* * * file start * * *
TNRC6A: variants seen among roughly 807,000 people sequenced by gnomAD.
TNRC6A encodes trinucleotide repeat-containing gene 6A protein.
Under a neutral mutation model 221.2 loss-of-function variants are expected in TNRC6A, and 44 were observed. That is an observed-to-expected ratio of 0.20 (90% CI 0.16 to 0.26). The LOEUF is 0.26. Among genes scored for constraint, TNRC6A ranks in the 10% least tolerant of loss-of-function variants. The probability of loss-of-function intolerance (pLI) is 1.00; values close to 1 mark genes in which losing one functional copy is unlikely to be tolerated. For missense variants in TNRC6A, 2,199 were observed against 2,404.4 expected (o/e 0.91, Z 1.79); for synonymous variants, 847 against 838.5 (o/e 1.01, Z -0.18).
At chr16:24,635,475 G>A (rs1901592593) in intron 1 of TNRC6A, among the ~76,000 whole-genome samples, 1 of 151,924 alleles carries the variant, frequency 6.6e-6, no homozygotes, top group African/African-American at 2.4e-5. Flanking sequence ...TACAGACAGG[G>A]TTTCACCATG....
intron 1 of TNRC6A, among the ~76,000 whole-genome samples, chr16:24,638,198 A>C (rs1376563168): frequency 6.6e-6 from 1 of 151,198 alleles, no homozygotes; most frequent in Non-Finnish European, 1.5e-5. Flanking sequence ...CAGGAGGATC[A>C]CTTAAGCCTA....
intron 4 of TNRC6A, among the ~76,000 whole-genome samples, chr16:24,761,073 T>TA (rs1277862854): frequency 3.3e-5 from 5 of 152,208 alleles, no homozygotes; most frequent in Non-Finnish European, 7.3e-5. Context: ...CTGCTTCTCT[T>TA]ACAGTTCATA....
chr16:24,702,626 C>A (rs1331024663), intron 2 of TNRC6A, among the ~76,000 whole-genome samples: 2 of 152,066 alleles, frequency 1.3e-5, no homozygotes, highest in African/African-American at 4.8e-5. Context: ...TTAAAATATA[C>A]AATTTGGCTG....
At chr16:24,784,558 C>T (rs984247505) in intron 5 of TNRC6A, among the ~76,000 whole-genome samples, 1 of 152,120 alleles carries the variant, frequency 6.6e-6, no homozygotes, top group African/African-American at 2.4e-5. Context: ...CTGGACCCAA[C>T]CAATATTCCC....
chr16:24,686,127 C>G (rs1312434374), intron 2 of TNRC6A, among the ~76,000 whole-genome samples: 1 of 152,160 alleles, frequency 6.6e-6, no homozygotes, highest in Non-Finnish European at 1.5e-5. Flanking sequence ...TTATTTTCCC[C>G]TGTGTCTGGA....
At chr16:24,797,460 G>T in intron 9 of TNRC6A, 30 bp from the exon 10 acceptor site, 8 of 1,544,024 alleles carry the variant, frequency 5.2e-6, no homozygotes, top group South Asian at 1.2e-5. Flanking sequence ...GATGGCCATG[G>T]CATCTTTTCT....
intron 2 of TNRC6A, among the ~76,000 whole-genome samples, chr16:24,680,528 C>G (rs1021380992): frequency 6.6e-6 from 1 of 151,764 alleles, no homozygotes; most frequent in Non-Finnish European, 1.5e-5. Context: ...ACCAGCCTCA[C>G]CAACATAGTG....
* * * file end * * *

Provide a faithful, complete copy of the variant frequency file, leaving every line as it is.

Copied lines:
TNRC6A: variants seen among roughly 807,000 people sequenced by gnomAD.
TNRC6A encodes trinucleotide repeat-containing gene 6A protein.
Under a neutral mutation model 221.2 loss-of-function variants are expected in TNRC6A, and 44 were observed. That is an observed-to-expected ratio of 0.20 (90% CI 0.16 to 0.26). The LOEUF is 0.26. Among genes scored for constraint, TNRC6A ranks in the 10% least tolerant of loss-of-function variants. The probability of loss-of-function intolerance (pLI) is 1.00; values close to 1 mark genes in which losing one functional copy is unlikely to be tolerated. For missense variants in TNRC6A, 2,199 were observed against 2,404.4 expected (o/e 0.91, Z 1.79); for synonymous variants, 847 against 838.5 (o/e 1.01, Z -0.18).
At chr16:24,635,475 G>A (rs1901592593) in intron 1 of TNRC6A, among the ~76,000 whole-genome samples, 1 of 151,924 alleles carries the variant, frequency 6.6e-6, no homozygotes, top group African/African-American at 2.4e-5. Flanking sequence ...TACAGACAGG[G>A]TTTCACCATG....
intron 1 of TNRC6A, among the ~76,000 whole-genome samples, chr16:24,638,198 A>C (rs1376563168): frequency 6.6e-6 from 1 of 151,198 alleles, no homozygotes; most frequent in Non-Finnish European, 1.5e-5. Flanking sequence ...CAGGAGGATC[A>C]CTTAAGCCTA....
intron 4 of TNRC6A, among the ~76,000 whole-genome samples, chr16:24,761,073 T>TA (rs1277862854): frequency 3.3e-5 from 5 of 152,208 alleles, no homozygotes; most frequent in Non-Finnish European, 7.3e-5. Context: ...CTGCTTCTCT[T>TA]ACAGTTCATA....
chr16:24,702,626 C>A (rs1331024663), intron 2 of TNRC6A, among the ~76,000 whole-genome samples: 2 of 152,066 alleles, frequency 1.3e-5, no homozygotes, highest in African/African-American at 4.8e-5. Context: ...TTAAAATATA[C>A]AATTTGGCTG....
At chr16:24,784,558 C>T (rs984247505) in intron 5 of TNRC6A, among the ~76,000 whole-genome samples, 1 of 152,120 alleles carries the variant, frequency 6.6e-6, no homozygotes, top group African/African-American at 2.4e-5. Context: ...CTGGACCCAA[C>T]CAATATTCCC....
chr16:24,686,127 C>G (rs1312434374), intron 2 of TNRC6A, among the ~76,000 whole-genome samples: 1 of 152,160 alleles, frequency 6.6e-6, no homozygotes, highest in Non-Finnish European at 1.5e-5. Flanking sequence ...TTATTTTCCC[C>G]TGTGTCTGGA....
At chr16:24,797,460 G>T in intron 9 of TNRC6A, 30 bp from the exon 10 acceptor site, 8 of 1,544,024 alleles carry the variant, frequency 5.2e-6, no homozygotes, top group South Asian at 1.2e-5. Flanking sequence ...GATGGCCATG[G>T]CATCTTTTCT....
intron 2 of TNRC6A, among the ~76,000 whole-genome samples, chr16:24,680,528 C>G (rs1021380992): frequency 6.6e-6 from 1 of 151,764 alleles, no homozygotes; most frequent in Non-Finnish European, 1.5e-5. Context: ...ACCAGCCTCA[C>G]CAACATAGTG....